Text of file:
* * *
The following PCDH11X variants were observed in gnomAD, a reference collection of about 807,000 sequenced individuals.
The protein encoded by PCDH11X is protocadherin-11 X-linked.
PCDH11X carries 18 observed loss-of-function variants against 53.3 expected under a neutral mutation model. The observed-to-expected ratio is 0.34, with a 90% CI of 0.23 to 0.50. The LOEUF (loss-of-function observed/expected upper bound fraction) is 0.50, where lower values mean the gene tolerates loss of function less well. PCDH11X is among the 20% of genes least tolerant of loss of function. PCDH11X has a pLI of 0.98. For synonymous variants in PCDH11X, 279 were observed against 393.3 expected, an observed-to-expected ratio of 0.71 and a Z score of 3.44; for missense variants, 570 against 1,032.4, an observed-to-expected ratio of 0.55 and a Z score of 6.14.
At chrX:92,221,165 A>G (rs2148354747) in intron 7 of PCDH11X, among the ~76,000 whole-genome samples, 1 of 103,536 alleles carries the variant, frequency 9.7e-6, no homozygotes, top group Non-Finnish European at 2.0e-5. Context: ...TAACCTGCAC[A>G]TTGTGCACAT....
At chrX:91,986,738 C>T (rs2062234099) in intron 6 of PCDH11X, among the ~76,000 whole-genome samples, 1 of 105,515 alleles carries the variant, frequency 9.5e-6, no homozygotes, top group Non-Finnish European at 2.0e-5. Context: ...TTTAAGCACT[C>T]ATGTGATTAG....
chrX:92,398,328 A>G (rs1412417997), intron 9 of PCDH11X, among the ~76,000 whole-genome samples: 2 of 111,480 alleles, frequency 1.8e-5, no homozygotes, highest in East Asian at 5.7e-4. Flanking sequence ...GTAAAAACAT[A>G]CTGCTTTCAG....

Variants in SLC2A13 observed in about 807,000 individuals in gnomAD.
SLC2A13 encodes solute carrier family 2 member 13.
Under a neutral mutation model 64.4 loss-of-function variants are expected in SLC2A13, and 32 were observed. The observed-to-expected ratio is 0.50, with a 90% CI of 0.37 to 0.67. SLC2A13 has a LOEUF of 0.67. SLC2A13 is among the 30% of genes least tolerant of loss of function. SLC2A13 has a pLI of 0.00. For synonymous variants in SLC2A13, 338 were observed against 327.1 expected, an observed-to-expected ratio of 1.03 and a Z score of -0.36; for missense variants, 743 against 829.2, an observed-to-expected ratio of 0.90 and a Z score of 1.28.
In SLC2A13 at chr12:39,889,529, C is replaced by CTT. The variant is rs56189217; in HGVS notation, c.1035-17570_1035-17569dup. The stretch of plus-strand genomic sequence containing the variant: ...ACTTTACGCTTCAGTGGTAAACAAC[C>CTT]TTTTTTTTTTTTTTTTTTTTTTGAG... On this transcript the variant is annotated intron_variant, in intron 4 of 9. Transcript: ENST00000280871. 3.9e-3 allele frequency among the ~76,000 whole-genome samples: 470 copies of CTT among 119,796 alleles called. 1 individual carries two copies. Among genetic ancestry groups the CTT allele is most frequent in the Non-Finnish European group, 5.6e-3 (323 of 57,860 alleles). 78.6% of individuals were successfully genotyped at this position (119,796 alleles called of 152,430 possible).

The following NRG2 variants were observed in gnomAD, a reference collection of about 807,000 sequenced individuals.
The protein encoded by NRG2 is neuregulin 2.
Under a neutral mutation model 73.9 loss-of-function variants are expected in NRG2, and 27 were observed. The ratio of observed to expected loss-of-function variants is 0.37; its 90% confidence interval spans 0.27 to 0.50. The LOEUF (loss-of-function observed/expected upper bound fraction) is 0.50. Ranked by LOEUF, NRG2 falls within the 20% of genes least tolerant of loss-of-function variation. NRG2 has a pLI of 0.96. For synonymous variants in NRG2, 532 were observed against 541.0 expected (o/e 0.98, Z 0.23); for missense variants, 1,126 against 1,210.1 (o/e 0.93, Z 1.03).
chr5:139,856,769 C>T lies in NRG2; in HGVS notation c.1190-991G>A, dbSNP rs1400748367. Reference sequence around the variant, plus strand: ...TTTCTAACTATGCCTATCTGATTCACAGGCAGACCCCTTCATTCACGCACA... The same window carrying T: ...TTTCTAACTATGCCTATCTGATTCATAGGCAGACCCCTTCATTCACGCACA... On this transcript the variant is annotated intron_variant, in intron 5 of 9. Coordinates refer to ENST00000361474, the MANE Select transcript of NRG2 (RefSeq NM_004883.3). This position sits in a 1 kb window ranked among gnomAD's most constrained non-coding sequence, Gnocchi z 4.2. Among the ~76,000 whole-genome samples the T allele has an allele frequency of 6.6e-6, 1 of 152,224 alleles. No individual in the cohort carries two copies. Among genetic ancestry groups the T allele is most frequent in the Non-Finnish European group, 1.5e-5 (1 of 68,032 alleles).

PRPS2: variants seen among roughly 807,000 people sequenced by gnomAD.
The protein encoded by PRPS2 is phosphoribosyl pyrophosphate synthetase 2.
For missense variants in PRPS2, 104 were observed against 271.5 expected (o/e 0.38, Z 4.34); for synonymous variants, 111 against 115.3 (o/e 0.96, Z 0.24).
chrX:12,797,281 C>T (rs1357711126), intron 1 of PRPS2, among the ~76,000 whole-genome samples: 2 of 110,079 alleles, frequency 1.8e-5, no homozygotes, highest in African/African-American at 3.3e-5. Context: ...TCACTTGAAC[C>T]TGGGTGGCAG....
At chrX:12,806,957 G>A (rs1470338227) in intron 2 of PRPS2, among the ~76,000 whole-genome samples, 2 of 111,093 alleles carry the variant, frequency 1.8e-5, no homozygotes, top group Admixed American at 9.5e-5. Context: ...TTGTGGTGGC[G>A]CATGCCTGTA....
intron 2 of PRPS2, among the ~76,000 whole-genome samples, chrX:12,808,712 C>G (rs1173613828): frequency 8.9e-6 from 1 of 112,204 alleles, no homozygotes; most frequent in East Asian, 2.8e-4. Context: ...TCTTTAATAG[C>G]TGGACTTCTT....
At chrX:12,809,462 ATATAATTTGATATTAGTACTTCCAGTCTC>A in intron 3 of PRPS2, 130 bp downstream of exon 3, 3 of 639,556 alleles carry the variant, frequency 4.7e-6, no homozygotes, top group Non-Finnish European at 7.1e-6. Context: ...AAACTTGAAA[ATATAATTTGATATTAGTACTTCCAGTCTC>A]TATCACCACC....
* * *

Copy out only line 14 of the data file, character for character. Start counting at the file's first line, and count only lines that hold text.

chr5:139,856,769 C>T lies in NRG2; in HGVS notation c.1190-991G>A, dbSNP rs1400748367. Reference sequence around the variant, plus strand: ...TTTCTAACTATGCCTATCTGATTCACAGGCAGACCCCTTCATTCACGCACA... The same window carrying T: ...TTTCTAACTATGCCTATCTGATTCATAGGCAGACCCCTTCATTCACGCACA... On this transcript the variant is annotated intron_variant, in intron 5 of 9. Coordinates refer to ENST00000361474, the MANE Select transcript of NRG2 (RefSeq NM_004883.3). This position sits in a 1 kb window ranked among gnomAD's most constrained non-coding sequence, Gnocchi z 4.2. Among the ~76,000 whole-genome samples the T allele has an allele frequency of 6.6e-6, 1 of 152,224 alleles. No individual in the cohort carries two copies. Among genetic ancestry groups the T allele is most frequent in the Non-Finnish European group, 1.5e-5 (1 of 68,032 alleles).